ZTE incorporated shut-down mechanisms and a hibernation mode to AAUs, reducing consumption at idle times to just 5 watts. Normal power consumption with low traffic is typically 200 watts, Yi said. "This is the foundation of our toolkit."
As the company investigated where in the network to use AI algorithms, its research teams realised it is was clear they should be deployed in as many places as possible.
More Than Hardware
ZTE's latest green network solution is focused on the underlying hardware in the base station, as AAUs and RRUs account for more than 80 per cent of power consumption at the base station.
The company was the first in the industry to apply AI algorithms on base stations, he claimed. "The cloud platform has some limitations. Putting AI on the BBU creates real-time responses and makes it more nimble."
Yi acknowledged AI-driven networks are not new, but deploying AI directly to the base station is a recent innovation. "Cloud platform AI is the norm in the telecoms industry at present, but power saving using local AI at the base station is truly innovative."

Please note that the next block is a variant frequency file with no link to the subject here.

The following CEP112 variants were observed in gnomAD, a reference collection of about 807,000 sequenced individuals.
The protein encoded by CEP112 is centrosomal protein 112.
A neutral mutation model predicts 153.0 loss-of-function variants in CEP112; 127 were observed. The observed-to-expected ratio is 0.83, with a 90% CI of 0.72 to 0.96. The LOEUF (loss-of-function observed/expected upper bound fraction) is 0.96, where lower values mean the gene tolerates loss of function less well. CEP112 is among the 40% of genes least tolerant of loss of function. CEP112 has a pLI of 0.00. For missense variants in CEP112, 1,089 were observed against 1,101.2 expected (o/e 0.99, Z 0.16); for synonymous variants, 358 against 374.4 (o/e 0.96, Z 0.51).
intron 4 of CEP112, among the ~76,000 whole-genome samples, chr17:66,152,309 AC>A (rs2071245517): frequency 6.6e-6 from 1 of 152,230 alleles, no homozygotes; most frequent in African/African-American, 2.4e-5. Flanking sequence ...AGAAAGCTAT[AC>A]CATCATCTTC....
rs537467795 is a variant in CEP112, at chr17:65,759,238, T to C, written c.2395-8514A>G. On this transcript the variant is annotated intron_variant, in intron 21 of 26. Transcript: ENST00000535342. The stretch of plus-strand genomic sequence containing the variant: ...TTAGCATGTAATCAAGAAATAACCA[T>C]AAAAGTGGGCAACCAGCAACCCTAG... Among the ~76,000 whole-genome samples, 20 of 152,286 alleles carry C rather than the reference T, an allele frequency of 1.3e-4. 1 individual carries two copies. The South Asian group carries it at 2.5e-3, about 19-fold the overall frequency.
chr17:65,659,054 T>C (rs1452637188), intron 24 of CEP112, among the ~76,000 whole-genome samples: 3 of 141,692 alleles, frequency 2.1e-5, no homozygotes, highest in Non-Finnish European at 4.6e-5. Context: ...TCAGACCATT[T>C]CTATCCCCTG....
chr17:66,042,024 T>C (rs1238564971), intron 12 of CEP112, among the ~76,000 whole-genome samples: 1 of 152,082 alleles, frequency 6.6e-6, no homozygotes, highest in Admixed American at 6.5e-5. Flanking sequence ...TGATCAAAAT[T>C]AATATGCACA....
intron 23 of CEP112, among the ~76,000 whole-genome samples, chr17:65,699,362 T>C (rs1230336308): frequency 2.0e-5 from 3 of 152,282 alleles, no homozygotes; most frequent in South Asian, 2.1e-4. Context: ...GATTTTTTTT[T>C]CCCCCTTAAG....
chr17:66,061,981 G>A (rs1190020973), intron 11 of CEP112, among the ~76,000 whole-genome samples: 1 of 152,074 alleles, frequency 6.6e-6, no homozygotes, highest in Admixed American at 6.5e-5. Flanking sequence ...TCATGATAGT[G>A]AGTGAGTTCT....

Based on big data analysis, the platform automatically identifies network energy saving opportunities, predicts network traffic trends and identifies co-coverage cells. The system also automatically generates energy saving policies and implements network-level intelligent energy reduction management and site energy-saving coordinated scheduling.
ZTE takes a three-layer approach to improving energy efficiency: starting with the hardware, using in-house developed chips and powering its algorithms with advanced software.
With improvements in computing power used in base stations, more intelligent strategies can be introduced, allowing cross-domain information affecting consumption to be automatically generated at the base station to improve optimization.
Nearly 20 operators, including China's major three mobile players, have deployed its PowerPilot Pro on some 900,000 base stations running on more than 30 networks globally.
Earlier in the year, Chengdu Telecom partnered with ZTE to use the vendor's AI intelligent solution to reduce energy consumption, potentially cutting consumption as much as 34 per cent on its 5G network.
ZTE technical director of cloud core networks Yang Rui insisted focusing on the core network can make a big difference in an operator's green transformation efforts.